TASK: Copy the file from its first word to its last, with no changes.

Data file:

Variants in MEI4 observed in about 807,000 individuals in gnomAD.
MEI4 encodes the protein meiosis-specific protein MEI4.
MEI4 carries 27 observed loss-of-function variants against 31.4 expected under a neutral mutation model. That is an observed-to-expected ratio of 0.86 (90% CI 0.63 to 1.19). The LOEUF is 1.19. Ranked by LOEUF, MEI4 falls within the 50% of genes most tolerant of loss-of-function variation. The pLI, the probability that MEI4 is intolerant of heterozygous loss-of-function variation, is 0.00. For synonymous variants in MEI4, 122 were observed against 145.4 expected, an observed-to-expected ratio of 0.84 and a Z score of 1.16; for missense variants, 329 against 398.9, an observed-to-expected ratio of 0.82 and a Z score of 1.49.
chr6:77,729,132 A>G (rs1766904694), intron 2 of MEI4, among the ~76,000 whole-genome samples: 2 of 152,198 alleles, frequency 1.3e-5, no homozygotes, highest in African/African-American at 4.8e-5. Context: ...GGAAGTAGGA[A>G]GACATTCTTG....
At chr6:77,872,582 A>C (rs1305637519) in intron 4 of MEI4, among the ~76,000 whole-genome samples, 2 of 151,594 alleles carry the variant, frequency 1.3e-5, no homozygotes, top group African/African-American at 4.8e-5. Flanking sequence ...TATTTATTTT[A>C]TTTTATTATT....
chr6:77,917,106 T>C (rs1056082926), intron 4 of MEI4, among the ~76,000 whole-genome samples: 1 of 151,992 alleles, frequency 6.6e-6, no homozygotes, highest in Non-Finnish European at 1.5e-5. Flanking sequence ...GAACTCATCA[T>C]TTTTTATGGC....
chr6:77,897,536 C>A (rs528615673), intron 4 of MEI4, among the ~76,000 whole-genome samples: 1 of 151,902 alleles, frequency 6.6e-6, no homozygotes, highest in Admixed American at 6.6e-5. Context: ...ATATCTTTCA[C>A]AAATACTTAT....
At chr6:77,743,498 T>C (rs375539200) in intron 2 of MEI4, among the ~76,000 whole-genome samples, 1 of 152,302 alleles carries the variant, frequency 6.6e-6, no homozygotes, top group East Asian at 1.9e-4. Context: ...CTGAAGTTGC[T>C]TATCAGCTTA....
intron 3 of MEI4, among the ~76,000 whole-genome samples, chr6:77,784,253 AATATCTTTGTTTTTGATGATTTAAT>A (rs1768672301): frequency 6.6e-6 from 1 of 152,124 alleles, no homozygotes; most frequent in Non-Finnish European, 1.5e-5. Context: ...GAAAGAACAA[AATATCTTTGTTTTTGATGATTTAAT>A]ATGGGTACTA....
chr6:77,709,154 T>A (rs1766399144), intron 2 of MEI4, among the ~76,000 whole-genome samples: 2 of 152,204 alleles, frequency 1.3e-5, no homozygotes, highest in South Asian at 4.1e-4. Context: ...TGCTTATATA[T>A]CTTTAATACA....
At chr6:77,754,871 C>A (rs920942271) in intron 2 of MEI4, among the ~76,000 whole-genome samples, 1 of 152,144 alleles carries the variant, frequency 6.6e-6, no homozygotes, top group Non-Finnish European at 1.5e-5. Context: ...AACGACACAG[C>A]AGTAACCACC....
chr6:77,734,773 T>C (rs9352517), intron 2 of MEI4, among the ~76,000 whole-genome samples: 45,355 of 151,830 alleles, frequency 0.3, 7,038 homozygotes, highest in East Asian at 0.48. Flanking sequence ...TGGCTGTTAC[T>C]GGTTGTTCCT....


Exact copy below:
Variants in MEI4 observed in about 807,000 individuals in gnomAD.
MEI4 encodes the protein meiosis-specific protein MEI4.
MEI4 carries 27 observed loss-of-function variants against 31.4 expected under a neutral mutation model. That is an observed-to-expected ratio of 0.86 (90% CI 0.63 to 1.19). The LOEUF is 1.19. Ranked by LOEUF, MEI4 falls within the 50% of genes most tolerant of loss-of-function variation. The pLI, the probability that MEI4 is intolerant of heterozygous loss-of-function variation, is 0.00. For synonymous variants in MEI4, 122 were observed against 145.4 expected, an observed-to-expected ratio of 0.84 and a Z score of 1.16; for missense variants, 329 against 398.9, an observed-to-expected ratio of 0.82 and a Z score of 1.49.
chr6:77,729,132 A>G (rs1766904694), intron 2 of MEI4, among the ~76,000 whole-genome samples: 2 of 152,198 alleles, frequency 1.3e-5, no homozygotes, highest in African/African-American at 4.8e-5. Context: ...GGAAGTAGGA[A>G]GACATTCTTG....
At chr6:77,872,582 A>C (rs1305637519) in intron 4 of MEI4, among the ~76,000 whole-genome samples, 2 of 151,594 alleles carry the variant, frequency 1.3e-5, no homozygotes, top group African/African-American at 4.8e-5. Flanking sequence ...TATTTATTTT[A>C]TTTTATTATT....
chr6:77,917,106 T>C (rs1056082926), intron 4 of MEI4, among the ~76,000 whole-genome samples: 1 of 151,992 alleles, frequency 6.6e-6, no homozygotes, highest in Non-Finnish European at 1.5e-5. Flanking sequence ...GAACTCATCA[T>C]TTTTTATGGC....
chr6:77,897,536 C>A (rs528615673), intron 4 of MEI4, among the ~76,000 whole-genome samples: 1 of 151,902 alleles, frequency 6.6e-6, no homozygotes, highest in Admixed American at 6.6e-5. Context: ...ATATCTTTCA[C>A]AAATACTTAT....
At chr6:77,743,498 T>C (rs375539200) in intron 2 of MEI4, among the ~76,000 whole-genome samples, 1 of 152,302 alleles carries the variant, frequency 6.6e-6, no homozygotes, top group East Asian at 1.9e-4. Context: ...CTGAAGTTGC[T>C]TATCAGCTTA....
intron 3 of MEI4, among the ~76,000 whole-genome samples, chr6:77,784,253 AATATCTTTGTTTTTGATGATTTAAT>A (rs1768672301): frequency 6.6e-6 from 1 of 152,124 alleles, no homozygotes; most frequent in Non-Finnish European, 1.5e-5. Context: ...GAAAGAACAA[AATATCTTTGTTTTTGATGATTTAAT>A]ATGGGTACTA....
chr6:77,709,154 T>A (rs1766399144), intron 2 of MEI4, among the ~76,000 whole-genome samples: 2 of 152,204 alleles, frequency 1.3e-5, no homozygotes, highest in South Asian at 4.1e-4. Context: ...TGCTTATATA[T>A]CTTTAATACA....
At chr6:77,754,871 C>A (rs920942271) in intron 2 of MEI4, among the ~76,000 whole-genome samples, 1 of 152,144 alleles carries the variant, frequency 6.6e-6, no homozygotes, top group Non-Finnish European at 1.5e-5. Context: ...AACGACACAG[C>A]AGTAACCACC....
chr6:77,734,773 T>C (rs9352517), intron 2 of MEI4, among the ~76,000 whole-genome samples: 45,355 of 151,830 alleles, frequency 0.3, 7,038 homozygotes, highest in East Asian at 0.48. Flanking sequence ...TGGCTGTTAC[T>C]GGTTGTTCCT....